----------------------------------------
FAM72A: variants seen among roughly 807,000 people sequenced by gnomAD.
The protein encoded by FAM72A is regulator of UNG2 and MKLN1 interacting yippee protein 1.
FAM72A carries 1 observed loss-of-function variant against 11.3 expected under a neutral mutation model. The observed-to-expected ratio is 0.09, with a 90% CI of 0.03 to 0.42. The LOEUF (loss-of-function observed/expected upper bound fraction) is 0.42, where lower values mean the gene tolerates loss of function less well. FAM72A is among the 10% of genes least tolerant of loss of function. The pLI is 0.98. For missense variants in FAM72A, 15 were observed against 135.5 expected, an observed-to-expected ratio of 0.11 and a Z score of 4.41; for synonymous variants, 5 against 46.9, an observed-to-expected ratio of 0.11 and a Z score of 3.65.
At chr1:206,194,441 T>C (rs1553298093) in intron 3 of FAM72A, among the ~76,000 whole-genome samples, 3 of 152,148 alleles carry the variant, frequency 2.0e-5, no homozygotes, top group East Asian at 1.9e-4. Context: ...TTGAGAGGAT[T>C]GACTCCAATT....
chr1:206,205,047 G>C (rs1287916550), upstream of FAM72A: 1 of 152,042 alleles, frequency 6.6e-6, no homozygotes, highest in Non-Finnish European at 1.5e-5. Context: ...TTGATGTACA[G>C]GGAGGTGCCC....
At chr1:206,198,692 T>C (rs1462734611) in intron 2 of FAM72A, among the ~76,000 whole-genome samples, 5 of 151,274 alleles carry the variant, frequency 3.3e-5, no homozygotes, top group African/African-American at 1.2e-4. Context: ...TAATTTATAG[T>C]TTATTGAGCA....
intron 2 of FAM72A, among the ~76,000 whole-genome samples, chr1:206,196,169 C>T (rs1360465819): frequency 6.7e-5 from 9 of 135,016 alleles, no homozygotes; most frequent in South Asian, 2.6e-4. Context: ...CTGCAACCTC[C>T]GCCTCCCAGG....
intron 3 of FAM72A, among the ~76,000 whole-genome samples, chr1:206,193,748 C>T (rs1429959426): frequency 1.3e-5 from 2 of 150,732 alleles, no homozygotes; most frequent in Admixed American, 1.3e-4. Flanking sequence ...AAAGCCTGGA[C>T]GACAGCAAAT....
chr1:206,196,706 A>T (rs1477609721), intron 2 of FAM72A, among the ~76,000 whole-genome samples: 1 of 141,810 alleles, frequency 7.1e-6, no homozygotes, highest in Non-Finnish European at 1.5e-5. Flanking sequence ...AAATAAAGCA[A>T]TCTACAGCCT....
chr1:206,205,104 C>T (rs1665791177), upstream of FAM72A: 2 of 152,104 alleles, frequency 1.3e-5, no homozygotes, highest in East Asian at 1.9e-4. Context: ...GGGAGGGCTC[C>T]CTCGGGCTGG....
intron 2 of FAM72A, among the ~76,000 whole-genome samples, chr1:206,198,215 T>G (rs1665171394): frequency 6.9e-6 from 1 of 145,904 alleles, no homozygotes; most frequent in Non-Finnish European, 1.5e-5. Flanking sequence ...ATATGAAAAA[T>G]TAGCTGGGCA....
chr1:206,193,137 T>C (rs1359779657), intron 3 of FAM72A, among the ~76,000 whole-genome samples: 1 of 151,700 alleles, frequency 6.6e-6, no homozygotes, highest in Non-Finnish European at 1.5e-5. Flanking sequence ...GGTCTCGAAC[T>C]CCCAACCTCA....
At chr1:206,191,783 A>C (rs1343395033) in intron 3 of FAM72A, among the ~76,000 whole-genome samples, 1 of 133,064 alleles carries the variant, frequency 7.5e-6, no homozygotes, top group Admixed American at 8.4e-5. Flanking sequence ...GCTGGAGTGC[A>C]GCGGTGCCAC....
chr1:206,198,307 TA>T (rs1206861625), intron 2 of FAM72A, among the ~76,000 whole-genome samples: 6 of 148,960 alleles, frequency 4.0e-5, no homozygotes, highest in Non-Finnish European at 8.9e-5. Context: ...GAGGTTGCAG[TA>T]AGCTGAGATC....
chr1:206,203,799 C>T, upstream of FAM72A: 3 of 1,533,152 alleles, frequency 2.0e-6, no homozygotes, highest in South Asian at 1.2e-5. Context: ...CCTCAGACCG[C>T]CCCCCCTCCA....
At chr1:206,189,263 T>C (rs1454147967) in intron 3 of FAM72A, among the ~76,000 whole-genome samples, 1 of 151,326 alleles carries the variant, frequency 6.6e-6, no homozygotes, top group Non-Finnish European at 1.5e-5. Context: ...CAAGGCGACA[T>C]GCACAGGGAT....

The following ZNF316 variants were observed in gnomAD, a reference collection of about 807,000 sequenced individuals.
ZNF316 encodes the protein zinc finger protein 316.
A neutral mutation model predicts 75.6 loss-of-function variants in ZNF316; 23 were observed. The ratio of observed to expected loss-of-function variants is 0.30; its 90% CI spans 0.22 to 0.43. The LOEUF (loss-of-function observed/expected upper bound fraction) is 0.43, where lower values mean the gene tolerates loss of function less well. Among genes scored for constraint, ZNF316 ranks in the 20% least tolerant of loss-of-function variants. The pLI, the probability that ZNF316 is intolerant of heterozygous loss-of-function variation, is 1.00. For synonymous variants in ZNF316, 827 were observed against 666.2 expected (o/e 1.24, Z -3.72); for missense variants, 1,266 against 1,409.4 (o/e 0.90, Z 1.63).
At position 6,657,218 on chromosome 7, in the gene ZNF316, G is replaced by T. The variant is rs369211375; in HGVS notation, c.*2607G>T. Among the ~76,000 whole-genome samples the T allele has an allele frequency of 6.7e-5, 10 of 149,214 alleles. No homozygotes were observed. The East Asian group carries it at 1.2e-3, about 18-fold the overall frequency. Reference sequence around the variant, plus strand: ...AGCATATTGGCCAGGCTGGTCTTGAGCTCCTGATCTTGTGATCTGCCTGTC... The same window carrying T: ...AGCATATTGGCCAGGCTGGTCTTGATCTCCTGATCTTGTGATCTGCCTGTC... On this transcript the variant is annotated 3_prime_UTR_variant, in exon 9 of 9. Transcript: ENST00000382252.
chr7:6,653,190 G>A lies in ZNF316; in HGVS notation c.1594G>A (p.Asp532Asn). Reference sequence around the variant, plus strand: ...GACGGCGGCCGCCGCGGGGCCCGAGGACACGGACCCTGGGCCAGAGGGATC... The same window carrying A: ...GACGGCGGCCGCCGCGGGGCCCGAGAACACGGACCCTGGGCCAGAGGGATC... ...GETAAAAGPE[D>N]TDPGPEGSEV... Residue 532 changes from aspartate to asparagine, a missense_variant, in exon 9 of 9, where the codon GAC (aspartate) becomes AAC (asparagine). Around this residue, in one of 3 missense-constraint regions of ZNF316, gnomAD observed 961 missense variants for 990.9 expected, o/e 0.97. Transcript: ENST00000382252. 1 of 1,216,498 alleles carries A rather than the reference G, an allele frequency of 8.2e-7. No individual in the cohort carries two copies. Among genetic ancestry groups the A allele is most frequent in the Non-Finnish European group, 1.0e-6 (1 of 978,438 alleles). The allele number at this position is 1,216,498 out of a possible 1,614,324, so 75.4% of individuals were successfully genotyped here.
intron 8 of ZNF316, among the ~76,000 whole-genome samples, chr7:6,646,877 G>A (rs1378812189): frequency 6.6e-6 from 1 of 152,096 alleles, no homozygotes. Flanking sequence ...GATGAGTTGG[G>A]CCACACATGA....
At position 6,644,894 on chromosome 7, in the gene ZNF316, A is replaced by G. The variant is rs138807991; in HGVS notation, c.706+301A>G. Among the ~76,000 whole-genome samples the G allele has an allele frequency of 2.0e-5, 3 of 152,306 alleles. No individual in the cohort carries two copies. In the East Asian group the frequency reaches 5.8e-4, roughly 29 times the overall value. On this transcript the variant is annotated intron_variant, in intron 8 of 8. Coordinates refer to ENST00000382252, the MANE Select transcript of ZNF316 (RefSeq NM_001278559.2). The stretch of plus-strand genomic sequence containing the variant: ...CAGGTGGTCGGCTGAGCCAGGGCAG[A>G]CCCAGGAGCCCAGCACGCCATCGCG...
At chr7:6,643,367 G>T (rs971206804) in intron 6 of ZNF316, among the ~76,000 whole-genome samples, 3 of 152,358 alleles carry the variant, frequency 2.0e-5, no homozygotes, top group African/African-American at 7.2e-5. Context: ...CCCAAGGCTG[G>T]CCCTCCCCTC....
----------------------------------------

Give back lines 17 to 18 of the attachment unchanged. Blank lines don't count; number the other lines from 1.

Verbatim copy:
The following ZNF316 variants were observed in gnomAD, a reference collection of about 807,000 sequenced individuals.
ZNF316 encodes the protein zinc finger protein 316.